We thought the dorky teens that spent all their time in their bedrooms in front of their computers were the last to get up to anything fun / dodgy – but it seems we were wrong. It may well be exactly the opposite, according to a new study.
“This research is based on social cognitive theory, which suggests that seeing people engaged in a behaviour is a way of learning that behaviour,” explains Valerie Carson, who conducted the study. “Since adolescents are exposed to considerable screen time – over 4.5 hours on average each day – they’re constantly seeing images of behaviours they can then potentially adopt.”
So the conclusion of the study was that that high computer use resulted in a 50% higher engagement in activities such as smoking, drinking and sex, unprotected and otherwise. Not to mention other activities such as not using your seatbelt, smoking weed and doing drugs. Some of this effect was also contributed to watching a lot of TV, but this wasn’t as big an influence as this medium is more censored to protect young minds. This isn’t the case with the internet.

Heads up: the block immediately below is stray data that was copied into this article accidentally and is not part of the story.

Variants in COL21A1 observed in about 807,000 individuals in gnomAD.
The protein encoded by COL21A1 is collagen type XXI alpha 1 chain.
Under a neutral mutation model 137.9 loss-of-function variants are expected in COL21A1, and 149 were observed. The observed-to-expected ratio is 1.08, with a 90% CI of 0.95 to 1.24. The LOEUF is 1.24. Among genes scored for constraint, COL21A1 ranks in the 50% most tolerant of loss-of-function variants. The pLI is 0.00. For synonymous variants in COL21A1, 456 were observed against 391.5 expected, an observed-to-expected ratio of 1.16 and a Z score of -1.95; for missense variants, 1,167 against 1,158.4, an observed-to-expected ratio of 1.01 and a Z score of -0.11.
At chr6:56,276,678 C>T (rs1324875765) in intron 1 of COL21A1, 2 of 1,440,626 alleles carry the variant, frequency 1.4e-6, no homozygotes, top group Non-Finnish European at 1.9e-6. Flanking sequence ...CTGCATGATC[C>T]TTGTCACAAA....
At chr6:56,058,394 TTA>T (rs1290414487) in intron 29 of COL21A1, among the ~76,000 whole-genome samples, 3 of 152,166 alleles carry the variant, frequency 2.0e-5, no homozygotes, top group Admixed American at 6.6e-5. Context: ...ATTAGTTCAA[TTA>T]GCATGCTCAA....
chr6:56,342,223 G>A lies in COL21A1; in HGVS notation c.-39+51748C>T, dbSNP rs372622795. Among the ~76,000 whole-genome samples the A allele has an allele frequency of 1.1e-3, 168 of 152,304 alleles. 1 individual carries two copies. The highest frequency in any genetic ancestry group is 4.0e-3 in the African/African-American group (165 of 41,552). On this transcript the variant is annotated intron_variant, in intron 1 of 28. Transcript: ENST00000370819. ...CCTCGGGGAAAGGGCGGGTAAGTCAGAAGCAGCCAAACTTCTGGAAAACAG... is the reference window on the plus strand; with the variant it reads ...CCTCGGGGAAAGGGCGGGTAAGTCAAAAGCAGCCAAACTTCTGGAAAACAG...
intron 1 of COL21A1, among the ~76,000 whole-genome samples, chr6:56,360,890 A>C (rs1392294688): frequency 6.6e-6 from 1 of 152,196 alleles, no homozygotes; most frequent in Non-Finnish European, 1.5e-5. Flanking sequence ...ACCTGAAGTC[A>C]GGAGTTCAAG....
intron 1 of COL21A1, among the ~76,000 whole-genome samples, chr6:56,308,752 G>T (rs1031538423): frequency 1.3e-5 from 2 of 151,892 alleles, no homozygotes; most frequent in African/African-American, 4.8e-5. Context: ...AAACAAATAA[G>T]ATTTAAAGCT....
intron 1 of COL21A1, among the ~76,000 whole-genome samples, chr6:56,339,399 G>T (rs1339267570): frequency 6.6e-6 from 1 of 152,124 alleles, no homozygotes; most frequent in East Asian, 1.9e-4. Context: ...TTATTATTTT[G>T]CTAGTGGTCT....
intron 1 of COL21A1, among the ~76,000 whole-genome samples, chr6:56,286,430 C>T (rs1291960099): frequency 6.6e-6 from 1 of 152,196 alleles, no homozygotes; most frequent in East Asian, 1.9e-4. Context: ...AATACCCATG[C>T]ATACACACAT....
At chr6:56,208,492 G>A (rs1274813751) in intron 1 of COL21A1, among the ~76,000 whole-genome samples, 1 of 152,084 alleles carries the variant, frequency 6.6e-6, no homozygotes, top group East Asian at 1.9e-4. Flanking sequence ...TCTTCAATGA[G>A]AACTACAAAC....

The study was carried out in Canada by epidemiology PhD candidate Valerie Carson, considering teens between 10 and 16.